PRO 1312CAnkle Foot Orthoses Fabrication2
    PRO 1372CUpper Limb Orthosis Fabrication2
    PRO 1315CLeather Work for the Lower Limb Orthosis2
    PRO 1314CKnee Ankle Foot Orthoses2
    PRO 1351CSpinal Orthosis Fabrication2
    PRO 2302CTranstibial Socket Inserts, Alignment and Duplication2
    PRO 2333CTransfemoral Socket Fabrication2
    PRO 2362CTransradial Prosthesis Fabrication2
    PRO 1320CThermoplastic Orthosis Fabrication2
    PRO 2011CAdvanced Procedures2
    PRO 2860CBoard Exam Review2
    PRO 2363CTranshumeral Prosthesis Fabrication2
    PRO 1392CProsthetic Finishing Procedures1-2
    1PRO 2804CTechnician Practicum2
    2PRO 2804CTechnician Practicum2
    3PRO 2804CTechnician Practicum2

    1 Topic: Lab Basics
    2 Topic: O&P Design Plans
    3 Topic: O&P Fabrication

    Total Credits60
  • American Academy of Orthotists and Prosthetists (AAOP)

    As the pre-eminent professional organization in orthotics and prosthetics, the mission of the American Academy of Orthotists and Prosthetists is to promote high standards of patient care through advocacy, education, and literature & research. In keeping with this mission the Academy is the professional organization representing practitioners credentialed by the American Board for Certification in Orthotics and Prosthetics.

    American Board for Certification in Orthotics and Prosthetics (ABC)

    The American Board for Certification in Orthotics and Prosthetics (ABC) is the national certifying and accrediting body for the orthotic and prosthetic professions. The public requires and deserves assurance that the persons providing orthotic and prosthetic services and care are qualified to provide the appropriate services, and it was on this basis that the ABC was established as a credentialing organization.

    American Orthotic and Prosthetic Association (AOPA)

    The American Orthotic & Prosthetic Association (AOPA) is a national trade association committed to providing high quality, unprecedented business services and products to O&P professionals.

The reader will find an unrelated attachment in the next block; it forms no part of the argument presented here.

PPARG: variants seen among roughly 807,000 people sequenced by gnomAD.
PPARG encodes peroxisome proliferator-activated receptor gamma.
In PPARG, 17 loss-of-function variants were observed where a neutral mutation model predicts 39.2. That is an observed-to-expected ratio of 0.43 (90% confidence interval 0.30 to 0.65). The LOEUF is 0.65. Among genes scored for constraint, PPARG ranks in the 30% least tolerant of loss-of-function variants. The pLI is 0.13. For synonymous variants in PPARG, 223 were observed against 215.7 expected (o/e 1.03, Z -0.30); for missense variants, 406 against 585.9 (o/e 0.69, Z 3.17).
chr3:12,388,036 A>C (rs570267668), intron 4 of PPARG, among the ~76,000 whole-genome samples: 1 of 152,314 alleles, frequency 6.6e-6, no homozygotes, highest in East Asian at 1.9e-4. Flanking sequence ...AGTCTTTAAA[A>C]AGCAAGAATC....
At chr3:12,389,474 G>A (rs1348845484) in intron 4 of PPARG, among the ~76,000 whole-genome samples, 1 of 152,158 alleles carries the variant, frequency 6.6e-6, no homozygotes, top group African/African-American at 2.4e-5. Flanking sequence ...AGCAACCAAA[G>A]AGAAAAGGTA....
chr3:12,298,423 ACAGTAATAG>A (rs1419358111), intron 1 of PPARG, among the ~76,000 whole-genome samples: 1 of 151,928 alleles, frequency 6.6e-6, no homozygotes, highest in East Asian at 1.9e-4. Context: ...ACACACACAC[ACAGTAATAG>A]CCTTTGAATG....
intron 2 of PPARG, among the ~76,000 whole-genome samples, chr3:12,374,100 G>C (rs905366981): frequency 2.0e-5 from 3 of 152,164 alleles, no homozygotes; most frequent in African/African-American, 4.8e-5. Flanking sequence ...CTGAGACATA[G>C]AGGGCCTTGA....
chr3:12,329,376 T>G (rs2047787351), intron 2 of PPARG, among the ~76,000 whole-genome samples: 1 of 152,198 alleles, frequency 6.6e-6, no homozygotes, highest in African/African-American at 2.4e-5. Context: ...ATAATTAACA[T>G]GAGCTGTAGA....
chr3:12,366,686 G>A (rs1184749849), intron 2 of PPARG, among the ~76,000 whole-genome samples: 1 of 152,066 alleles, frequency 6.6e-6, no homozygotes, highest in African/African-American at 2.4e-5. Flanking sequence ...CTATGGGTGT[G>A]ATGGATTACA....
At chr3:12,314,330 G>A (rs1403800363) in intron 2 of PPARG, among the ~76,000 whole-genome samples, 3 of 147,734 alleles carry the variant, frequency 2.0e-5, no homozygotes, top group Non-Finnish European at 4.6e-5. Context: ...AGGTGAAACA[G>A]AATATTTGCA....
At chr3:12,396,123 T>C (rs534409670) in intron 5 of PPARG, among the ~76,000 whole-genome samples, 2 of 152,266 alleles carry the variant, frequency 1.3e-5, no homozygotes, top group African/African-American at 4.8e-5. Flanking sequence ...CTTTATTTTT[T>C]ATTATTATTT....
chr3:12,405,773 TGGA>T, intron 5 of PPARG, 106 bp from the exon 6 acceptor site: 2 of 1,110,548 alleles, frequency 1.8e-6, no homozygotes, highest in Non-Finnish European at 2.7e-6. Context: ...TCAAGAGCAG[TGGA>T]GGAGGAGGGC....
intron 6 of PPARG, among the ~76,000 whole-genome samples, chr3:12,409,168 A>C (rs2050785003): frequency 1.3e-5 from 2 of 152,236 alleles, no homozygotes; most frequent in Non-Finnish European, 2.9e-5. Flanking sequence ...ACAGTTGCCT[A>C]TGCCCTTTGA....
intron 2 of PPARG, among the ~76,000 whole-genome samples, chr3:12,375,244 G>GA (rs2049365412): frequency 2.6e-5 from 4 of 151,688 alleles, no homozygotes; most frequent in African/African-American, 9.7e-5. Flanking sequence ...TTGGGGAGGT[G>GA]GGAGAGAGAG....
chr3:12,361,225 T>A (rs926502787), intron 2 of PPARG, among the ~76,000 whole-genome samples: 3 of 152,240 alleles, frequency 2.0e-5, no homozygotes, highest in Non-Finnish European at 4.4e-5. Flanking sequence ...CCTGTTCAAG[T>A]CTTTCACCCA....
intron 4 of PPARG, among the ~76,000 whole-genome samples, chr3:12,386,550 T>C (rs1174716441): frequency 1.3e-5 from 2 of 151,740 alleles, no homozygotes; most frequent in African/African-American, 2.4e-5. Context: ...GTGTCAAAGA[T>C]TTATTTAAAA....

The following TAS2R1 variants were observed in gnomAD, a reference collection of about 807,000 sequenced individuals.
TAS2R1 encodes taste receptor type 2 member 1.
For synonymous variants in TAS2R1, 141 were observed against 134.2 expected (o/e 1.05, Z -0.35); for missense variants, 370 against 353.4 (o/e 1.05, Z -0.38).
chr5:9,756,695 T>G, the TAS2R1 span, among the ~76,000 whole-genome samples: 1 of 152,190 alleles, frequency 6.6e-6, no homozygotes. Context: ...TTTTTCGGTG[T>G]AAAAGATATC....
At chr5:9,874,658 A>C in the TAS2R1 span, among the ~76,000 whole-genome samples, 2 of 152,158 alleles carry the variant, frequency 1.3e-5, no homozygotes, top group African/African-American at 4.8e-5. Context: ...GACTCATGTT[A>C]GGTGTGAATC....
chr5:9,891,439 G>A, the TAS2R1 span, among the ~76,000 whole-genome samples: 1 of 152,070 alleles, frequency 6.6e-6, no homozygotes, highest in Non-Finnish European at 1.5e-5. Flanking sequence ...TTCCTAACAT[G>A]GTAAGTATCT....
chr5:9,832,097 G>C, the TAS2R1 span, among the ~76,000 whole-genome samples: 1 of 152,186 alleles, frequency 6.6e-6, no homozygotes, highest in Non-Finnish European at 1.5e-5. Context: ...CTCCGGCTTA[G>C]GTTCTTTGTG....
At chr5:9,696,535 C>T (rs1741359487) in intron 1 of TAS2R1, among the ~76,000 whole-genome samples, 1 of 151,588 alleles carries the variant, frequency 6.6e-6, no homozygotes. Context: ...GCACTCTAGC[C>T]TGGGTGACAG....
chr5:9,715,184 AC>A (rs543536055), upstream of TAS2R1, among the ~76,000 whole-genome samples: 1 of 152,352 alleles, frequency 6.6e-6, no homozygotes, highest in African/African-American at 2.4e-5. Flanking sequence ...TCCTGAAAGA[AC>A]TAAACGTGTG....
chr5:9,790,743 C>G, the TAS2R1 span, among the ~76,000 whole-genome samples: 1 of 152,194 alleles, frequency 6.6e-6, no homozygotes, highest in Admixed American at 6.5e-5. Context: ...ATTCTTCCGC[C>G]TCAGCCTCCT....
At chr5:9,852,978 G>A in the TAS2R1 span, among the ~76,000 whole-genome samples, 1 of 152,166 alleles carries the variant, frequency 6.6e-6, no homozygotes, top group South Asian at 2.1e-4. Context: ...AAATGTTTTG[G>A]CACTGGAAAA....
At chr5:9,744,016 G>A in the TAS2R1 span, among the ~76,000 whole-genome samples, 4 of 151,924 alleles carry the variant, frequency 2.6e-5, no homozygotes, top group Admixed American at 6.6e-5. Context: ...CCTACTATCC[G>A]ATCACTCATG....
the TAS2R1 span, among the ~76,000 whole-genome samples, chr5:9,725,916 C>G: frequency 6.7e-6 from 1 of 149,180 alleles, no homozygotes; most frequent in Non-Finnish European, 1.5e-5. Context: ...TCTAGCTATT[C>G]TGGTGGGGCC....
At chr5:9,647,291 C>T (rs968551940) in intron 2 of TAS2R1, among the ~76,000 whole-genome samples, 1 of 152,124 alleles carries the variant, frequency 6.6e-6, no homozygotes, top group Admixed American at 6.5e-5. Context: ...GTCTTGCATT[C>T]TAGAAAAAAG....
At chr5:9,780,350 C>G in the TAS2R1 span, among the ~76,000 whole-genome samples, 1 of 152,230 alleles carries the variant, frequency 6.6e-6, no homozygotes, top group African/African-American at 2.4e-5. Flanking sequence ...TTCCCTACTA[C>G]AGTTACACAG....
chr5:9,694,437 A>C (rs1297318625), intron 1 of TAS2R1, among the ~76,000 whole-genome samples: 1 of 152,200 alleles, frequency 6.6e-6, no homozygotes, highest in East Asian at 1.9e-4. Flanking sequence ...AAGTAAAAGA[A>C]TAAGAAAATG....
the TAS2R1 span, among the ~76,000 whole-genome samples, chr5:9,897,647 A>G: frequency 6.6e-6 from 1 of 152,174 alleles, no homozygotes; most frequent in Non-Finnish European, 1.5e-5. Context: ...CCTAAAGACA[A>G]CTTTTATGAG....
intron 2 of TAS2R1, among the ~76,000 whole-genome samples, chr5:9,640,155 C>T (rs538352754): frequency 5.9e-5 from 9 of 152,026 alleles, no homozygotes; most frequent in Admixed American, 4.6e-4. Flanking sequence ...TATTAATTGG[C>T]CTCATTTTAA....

International Society for Prosthetics and Orthotics (ISPO)

    The International Society for Prosthetics and Orthotics (ISPO), is a multi-disciplinary organization comprised of persons who have a professional interest in the clinical, educational and research aspects of prosthetics, orthotics, rehabilitation engineering and related topics.

    Amputee Coalition of America (ACA)

    The Amputee Coalition of America (ACA) is a national, non-profit amputee consumer educational organization representing people who have experienced amputation or are born with limb differences. The ACA includes individual amputees, amputee education and support groups for amputees, professionals, family members and friends of amputees, amputation or limb loss related agencies, and organizations.

    Orthotic & Prosthetic Assistance Fund (OPAF)

    The Orthotic and Prosthetic Assistance Fund (OPAF) is a nonprofit organization, a 501(c)(3) public charity, established and incorporated by the Orthotics and Prosthetics National Office. Dedicated initially to providing financial and in-kind support to the 1996 Paralympics, the Fund now generates its own initiatives through partnerships with individuals, organizations, and institutions engaged in raising public awareness of physical disability; and improving the quality of rehabilitation medicine, science, and technology.